Part D 101: Three charts show how the Medicare Part D program could be improved to work better for seniors and people with disabilities

Gabby Migliara
Gabby Migliara April 27, 2022

Part D 101: Three charts show how the Medicare Part D program could be improved to work better for seniors and people with disabilities.

Share This

In yesterday’s post, we learned how Medicare Part D works for seniors and people with disabilities. Unfortunately, Part D beneficiaries are increasingly facing higher out-of-pocket costs for the medicines they need. This includes high coinsurance amounts typically based on list price, a lack of an out-of-pocket cap and an uneven distribution of out-of-pocket costs over the course of the year.

Here are three facts about the Medicare Part D program you may not know: 

1. Part D plans are covering fewer medicines and increasingly restricting access. Over the years, Part D plans have restricted access to medicines through tighter formularies, limiting the number of medicines covered for beneficiaries. Additionally, insurers and pharmacy benefit managers (PBMs) use what’s known as utilization management as a strategy to reduce their spending on covered medicines, which has a negative impact on patient access. These insurance tactics often prevent or delay patients from accessing the medicines that their physician prescribes and that they need. They include prior authorization, meaning a patient has to get approval from their health plan before they can access the medicine their doctor prescribed, and fail first (also known as step therapy), meaning a patient has to try and fail on a health plan’s preferred medicine before they can get the medicine their doctor prescribed.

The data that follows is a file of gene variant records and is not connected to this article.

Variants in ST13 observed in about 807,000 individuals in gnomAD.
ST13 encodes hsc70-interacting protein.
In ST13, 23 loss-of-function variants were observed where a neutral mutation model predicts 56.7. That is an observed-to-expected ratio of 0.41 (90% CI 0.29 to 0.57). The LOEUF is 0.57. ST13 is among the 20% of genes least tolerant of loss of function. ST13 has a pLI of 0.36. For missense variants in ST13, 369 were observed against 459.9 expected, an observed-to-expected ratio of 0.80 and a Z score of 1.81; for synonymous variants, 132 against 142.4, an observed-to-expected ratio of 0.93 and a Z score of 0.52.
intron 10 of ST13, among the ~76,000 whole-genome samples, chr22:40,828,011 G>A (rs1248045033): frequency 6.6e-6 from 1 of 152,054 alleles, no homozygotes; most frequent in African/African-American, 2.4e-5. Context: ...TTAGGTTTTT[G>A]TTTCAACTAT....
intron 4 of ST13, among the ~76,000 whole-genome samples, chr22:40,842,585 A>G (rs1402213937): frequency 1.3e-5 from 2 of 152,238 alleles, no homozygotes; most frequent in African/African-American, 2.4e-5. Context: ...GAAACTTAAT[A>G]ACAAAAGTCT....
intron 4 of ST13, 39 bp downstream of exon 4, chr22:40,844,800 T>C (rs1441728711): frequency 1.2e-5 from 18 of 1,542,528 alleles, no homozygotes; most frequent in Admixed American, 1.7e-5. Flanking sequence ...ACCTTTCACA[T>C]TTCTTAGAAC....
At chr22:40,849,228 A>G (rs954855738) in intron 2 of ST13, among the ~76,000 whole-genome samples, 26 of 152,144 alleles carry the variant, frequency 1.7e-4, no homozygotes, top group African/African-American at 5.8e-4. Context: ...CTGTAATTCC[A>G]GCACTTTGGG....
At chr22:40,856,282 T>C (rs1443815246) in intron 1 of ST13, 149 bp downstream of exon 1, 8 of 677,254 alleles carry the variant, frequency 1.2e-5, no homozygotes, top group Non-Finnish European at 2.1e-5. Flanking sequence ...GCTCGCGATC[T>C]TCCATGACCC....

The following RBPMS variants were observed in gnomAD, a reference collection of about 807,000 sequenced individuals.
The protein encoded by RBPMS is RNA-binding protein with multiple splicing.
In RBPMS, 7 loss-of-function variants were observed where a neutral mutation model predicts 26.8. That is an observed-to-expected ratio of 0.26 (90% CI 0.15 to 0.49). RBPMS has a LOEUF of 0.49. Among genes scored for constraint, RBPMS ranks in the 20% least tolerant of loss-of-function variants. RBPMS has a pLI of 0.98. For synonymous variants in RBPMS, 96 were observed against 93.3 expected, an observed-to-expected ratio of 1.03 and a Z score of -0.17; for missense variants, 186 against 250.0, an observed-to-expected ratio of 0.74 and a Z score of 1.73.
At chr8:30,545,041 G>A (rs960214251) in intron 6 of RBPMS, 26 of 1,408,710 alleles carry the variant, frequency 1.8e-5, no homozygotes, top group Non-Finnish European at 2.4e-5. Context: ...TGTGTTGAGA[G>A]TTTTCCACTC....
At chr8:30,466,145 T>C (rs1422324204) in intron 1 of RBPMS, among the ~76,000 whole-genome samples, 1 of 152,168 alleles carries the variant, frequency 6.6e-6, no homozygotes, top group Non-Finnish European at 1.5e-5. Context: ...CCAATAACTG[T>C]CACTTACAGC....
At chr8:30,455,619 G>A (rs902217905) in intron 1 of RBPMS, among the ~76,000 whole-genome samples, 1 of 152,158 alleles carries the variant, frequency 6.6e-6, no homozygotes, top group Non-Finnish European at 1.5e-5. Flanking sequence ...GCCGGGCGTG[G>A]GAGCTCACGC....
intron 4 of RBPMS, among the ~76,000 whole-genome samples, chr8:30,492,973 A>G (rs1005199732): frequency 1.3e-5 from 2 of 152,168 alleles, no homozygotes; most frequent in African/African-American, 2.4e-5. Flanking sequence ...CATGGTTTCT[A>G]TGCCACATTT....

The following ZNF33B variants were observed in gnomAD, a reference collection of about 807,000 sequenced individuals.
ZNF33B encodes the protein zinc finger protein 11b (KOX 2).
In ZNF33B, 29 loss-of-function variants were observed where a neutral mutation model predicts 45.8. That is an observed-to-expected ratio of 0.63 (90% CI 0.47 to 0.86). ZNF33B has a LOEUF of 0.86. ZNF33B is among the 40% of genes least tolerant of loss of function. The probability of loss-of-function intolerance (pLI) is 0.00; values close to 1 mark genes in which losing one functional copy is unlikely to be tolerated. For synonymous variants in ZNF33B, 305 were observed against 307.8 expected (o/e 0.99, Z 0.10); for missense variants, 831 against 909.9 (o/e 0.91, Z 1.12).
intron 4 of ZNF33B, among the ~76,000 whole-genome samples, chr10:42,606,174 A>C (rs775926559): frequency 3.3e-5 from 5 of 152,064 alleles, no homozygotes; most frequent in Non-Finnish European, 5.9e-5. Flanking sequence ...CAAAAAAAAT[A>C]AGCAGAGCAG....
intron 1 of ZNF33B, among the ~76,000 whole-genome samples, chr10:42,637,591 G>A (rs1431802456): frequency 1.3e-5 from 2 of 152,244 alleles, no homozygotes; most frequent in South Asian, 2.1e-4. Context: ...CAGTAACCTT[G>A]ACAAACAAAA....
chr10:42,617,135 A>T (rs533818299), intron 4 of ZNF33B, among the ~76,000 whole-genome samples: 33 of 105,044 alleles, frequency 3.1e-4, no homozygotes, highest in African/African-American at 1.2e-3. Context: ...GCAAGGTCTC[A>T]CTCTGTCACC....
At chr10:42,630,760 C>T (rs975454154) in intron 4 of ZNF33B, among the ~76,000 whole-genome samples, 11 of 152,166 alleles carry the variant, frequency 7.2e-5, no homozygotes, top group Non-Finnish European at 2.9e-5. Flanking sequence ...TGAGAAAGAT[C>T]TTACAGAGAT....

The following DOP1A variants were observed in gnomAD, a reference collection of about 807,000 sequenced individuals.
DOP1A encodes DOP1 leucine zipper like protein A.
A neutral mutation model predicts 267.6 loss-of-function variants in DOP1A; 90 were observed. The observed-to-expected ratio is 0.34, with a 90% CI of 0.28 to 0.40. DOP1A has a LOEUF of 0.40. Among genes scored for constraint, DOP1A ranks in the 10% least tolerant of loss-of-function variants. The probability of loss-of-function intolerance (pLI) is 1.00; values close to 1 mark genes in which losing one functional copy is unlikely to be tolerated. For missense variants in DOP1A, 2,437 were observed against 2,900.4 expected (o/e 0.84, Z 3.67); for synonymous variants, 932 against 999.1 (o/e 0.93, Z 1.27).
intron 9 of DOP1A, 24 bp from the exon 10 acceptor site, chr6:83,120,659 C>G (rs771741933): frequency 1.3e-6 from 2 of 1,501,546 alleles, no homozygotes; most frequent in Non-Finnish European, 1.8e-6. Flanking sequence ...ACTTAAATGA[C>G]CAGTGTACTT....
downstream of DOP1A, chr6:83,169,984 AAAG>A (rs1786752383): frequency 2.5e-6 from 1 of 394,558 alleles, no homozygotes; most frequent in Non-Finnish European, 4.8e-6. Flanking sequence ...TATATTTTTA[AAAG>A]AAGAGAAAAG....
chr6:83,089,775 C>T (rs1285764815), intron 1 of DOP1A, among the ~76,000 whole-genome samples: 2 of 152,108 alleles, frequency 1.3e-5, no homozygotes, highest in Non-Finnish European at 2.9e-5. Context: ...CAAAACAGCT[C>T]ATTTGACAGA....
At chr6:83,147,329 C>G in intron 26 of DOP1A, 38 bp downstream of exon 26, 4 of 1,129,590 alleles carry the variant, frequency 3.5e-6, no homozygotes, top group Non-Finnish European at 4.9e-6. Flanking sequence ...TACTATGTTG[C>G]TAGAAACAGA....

2. Unfortunately, people enrolled in Part D typically do not benefit directly from the rebates and discounts health plans and PBMs negotiate with manufacturers. Most health plans do not share rebates with patients at the pharmacy counter. Instead, some patients pay cost sharing based on the medicine’s full list price, sometimes exceeding the net price paid by the Part D plan for the medicine. For instance, in 2017, non-low-income subsidy Part D patients using insulin paid 149% of the net plan costs in the deductible phase. Assuming rebates continue to grow, patients are expected to pay more than double net plan costs by 2026.


3. Part D plans have shifted costs to seniors through increased use of coinsurance. A new study, which looked at spending trends among non-low-income subsidy Part D beneficiaries from 2015 to 2019 across all brand medicines and several therapeutic areas, found coinsurance based on list price accounts for 80% of Medicare Part D beneficiaries’ out-of-pocket spending on brand medicines. And as plans increasingly use coinsurance, beneficiaries’ must pay a larger share of their total annual out-of-pocket costs at the start of each year, which creates serious affordability challenges. High cost sharing also exacerbates patient’s abandonment of their prescriptions. A new study from IQVIA found 61% of patients did not fill their new prescriptions when they had to pay more than $250 out of pocket, while only about 7% of patients abandoned their prescriptions when out-of-pocket costs were less than $10.


PhRMA supports ways to modernize how Medicare covers and pays for medicines. Medicare Part D could work better and be made fairer by improving affordability and predictability for beneficiaries who face high out-of-pocket costs for their medicines. Improvements to Part D must be done the right way, with targeted and measured reforms. This can include capping Medicare beneficiary out-of-pocket costs in Part D, lowering cost sharing and spreading those costs over the calendar year, and making sure the savings negotiated with health plans are passed directly to patients.

Learn more about the Medicare Part D program.

Topics: Part D, Medicare, Policy Solutions